Used bikes arrive in Jordan, shipped from the United States. (Photo courtesy Wheels of Change) Posted for media use
By Sunny Lewis
AMMAN, Jordan, June 1, 2017 (Maximpact.com News) – Malia Asfour, Jordan Tourism Board director for North America, has inspired travel professionals from across the United States to help rural communities in Jordan by donating used bicycles, building bike shops and supporting tour guide training.
The plan was conceived around a dinner table about as far away from the sunny Middle Eastern country of Jordan as anyone could get – chilly Anchorage, Alaska.
In September 2016, a small group of travel professionals, in Anchorage for the annual Adventure Travel World Summit, gathered for dinner.
Also at the table was Dan Austin, founder of Austin Adventures and the nonprofit Wheels of Change that began donating bikes and operational skills to remote communities in Africa in 2010.
Muna Haddad was there. She serves as director of the Jordan-based social enterprise Baraka, whose mission is to support sustainable tourism while conserving and protecting cultural heritage and natural resources.
They listened intently as Asfour told how Jordan is seeing an increasing interest in cycling, but currently only the affluent can afford to own a bike. In rural areas bikes are very scarce.
Starting at the basalt ruins of the Decapolis of Um Qais overlooking the Sea of Galilee, the Jordan Trail heads down towards the Arab Dam. (Photo courtesy Jordan Trail) Posted for media use
Asfour explained that Jordan is actively building partnerships with adventure travel companies, introducing new cycling itineraries and mapping out adventurous bike trails nationwide, including the newly completed Jordan Trail, which runs the entire length of the country, 650 kilometers, from Um Qais in the north to Aqaba in the south.
Once the idea of bikes for Jordan took hold of their imaginations, the people in this core group around the Anchorage dinner table began to reach out to other tourism professionals for support.
They received commitments from the travel insurance company World Nomads through its online philanthropy project Footprint Network, which agreed to help provide funding.
Tourism Cares, the nonprofit, philanthropic arm of the travel and tourism industry, also committed funds to help establish community bicycle enterprises in Jordan.
Jordan suffers from a high unemployment rate, officially at 15 percent. Residents of remote villages often do not have the transportation they need to reach employment and educational opportunities.
To overcome these problems, the tourism professionals plan to establish two bike shops in Um Qais Village at one end of the Jordan Trail and in Feynan.
Used bikes are being shipped to Jordan from the United States. The shipping containers will be repurposed as bike rental, sales and repair shops.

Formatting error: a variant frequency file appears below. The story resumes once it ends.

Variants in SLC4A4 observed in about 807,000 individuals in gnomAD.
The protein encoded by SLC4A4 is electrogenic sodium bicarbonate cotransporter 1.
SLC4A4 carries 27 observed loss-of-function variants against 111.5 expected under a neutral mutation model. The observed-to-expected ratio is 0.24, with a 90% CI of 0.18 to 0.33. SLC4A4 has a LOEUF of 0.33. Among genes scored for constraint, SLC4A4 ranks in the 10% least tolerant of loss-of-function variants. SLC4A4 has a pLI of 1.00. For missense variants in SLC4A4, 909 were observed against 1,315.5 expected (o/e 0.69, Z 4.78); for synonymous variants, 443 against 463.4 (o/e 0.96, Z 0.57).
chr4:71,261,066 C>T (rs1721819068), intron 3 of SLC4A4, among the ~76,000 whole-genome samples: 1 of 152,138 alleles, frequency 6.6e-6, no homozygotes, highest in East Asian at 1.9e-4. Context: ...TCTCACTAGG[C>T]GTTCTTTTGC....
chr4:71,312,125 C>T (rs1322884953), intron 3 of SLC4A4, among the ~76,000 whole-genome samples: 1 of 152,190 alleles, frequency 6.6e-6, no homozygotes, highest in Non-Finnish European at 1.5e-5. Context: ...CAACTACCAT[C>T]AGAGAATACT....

Each shop will include a bike tour component, serving as a starting point for local bike tours. Four people from Um Qais are now being trained as tour guides.
The new bike shops can provide steady employment for up to eight people, and will give others the means to travel farther for jobs or school, to reach their livestock, or have better access to health care.
This project will tie into the Jordan Trail initiative, enabling locals and visitors to bike between villages along the trail.
In December 2016, four months after the plan was conceived in Alaska, the first container of 260 mountain bikes, spare parts and tools organized by Wheels of Change departed Billings, Montana. It was bound for Feynan, Jordan in the Dana Biosphere Reserve with its historic ruins and ecolodge on the Jordan Trail.
The Jordan Tourism Board has committed to securing duty import exemptions for the shipping containers full of bikes
On April 26, 2017, the first container was officially opened. Present for the festivities were Andy Austin and Corey Meyer, two Austin Adventures guides assigned to do much of the mechanical training, along with Muna Haddad of Baraka, who will be the on-ground project manager.
Haddad and her staff will work with the beneficiary communities, investing in setting up the shops, conducting training, overseeing facilities and handling the logistics of ground transport into and around Jordan.
A second container of 412 mountain bikes, spare parts and wheels sent by A&K Philanthropy in partnership with Working Bikes in Chicago was shipped on March 13. It is scheduled to arrive on or about May 28th in Madaba, central Jordan.
Baraka will help set up another bike shop in Madaba as well as a bike share program at Petra University, making it the first bicycle-friendly campus in Jordan.
There is a recycle and reuse component to the venture built in from the start to keep donated bikes from ending up in a landfill.
Once all of the elements are in place, the shops are designed to be sustainable, paying for the costs of resupplying their stock of bikes with money earned through the sales and repair of bikes and the rental of bikes for tours.
Another positive element to the bike shop operation is its mission to give back to the community. After all wages and business expenses are paid, the remaining funds are set aside to fund local charitable projects.
“It’s beautiful to see an idea come to life,” posted Haddad on Facebook. “This is how we change the world, one idea at a time and a lot of hard work in between.”
This project was showcased at the Adventure Travel Trade Association’s AdventureNEXT Near East, held from May 15 to 17 on the shore of the Dead Sea in Jordan, the first event of its kind to highlight adventure travel in the Near East.
Sproule presented the bike donation initiative at the conference to demonstrate how such strategic partnerships can successfully benefit grassroots development and tourism, helping to create new skills and business opportunities.